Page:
Fairmont Visa Ending, Signals the End of Valuable Hotel Loyalty Program

A year ago Accor Hotels bought Fairmont, and there was no world in which that would be a good thing for Fairmont Presidents Club members (just as over time the IHG purchase of Kimpton wouldn’t be a net plus for Kimpton members).

Years ago Avis rose to prominence with the slogan “We’re number 2. We Try Harder.” Eventually they dropped the “We’re number 2” part and then in 2012 they even dropped the claim that they try harder.


Lobby of the Fairmont Royal York, Toronto

Smaller programs have to try harder, you can show up in any city and walk into a Marriott, Hilton, or IHG property without trying very hard but it takes effort to be loyal to Hyatt or Starwood (or Fairmont or Kimpton). Accor isn’t especially big in the US but they’re a huge chain worldwide. Here’s what the secret Accor loyalty manual says.

When the merger was announced I flagged two issue issues for consumers.

  • Le Club Accorhotels doesn’t have a ‘lifetime Platinum’ concept. Several folks took advantage of a Living Social deal that came with Lifetime Platinum status in Fairmont Presidents Club back in 2011 that was surprisingly honored. What happens to those Lifetime Platinums in an Accor future? Do they become Accor Platinums? Do they lose lifetime status altogether?

  • What will happen to the Fairmont Visa from Chase?

We know that Accor is going to integrate Fairmont Presidents Club members into the Le Club Accorhotels program which — while they improved elite benefits three years ago — pales in comparison.

We do not yet know:

  1. Whether the Accor program will get a co-brand credit card, let alone one in the U.S.

  2. Whether they will honor Fairmont lifetime status in Le Club Accorhotels (even though it would be a devaluation)

Yesterday a Chase spokesperson confirmed to me that “we are no-longer accepting applications for the Fairmont card.” However Doctor of Credit says it’s still possible to apply for the Fairmont Visa, albeit likely not for long.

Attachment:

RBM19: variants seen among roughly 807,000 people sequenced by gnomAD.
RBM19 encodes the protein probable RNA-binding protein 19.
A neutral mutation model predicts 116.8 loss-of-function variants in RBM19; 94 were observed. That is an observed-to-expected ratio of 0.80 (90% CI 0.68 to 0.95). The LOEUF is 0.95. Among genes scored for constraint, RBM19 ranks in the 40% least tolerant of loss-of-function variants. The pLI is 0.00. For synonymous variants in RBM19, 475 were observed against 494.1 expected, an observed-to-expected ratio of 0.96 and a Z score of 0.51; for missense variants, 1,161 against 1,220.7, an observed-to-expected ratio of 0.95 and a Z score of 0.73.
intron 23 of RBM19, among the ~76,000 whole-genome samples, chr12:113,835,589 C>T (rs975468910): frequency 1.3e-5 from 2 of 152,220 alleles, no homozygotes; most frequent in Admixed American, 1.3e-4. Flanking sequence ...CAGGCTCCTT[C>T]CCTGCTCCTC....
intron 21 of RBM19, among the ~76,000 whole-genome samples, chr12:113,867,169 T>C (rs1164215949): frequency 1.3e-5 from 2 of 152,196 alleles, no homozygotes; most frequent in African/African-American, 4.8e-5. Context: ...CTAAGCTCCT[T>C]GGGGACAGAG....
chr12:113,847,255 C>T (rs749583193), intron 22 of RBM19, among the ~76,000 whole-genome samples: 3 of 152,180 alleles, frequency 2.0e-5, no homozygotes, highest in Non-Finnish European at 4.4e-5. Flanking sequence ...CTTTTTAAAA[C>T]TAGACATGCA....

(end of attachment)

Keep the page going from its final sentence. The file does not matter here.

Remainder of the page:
It makes sense to end applications for the Fairmont Visa even if Chase is going to pick up an Accor co-brand because the benefits that are being advertised will change. They don’t want to promise something to cardholders that won’t be delivered (and they don’t want to open themselves up to regulatory risk for doing so).

About Gary Leff

Gary Leff is one of the foremost experts in the field of miles, points, and frequent business travel - a topic he has covered since 2002. Co-founder of frequent flyer community Milepoint.com, emcee of the Freddie Awards, and named one of the "World's Top Travel Experts" by Conde' Nast Traveler (2010-Present) Gary has been a guest on most major news media, profiled in several top print publications, and published broadly on the topic of consumer loyalty. More About Gary »

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Comments

  1. I don’t even know if it’s worth trying to stay as a Fairmont elite this year as we have no idea what is going to happen 2018. It’s too bad as FPC was a nice program, especially for Canadians as we have so many iconic Fairmont properties here.

  2. I have spent $12,000 this year on the Fairmont card, but the free night is not scheduled to post until August. Will Chase and Accor honor the free night?

  3. So disappointing. I just used my two free night at the Fairmont in Kona and it was amazing. My husband was just about to get the card but maybe now we should wait and see?

  4. Maybe I’m missing something or you could at least provide a primer on why Fairmont is so valuable. I joined their club, stayed at 3 properties for a dozen or so nights, and received pretty much nothing. With any other major program I would have points and maybe even low level elite status.

  5. I am sad !!!

    I too waited to long…

    Really wish I applied when I first heard of the death of this card….

    If anyone finds anyway to still get this card, I would love you forever!

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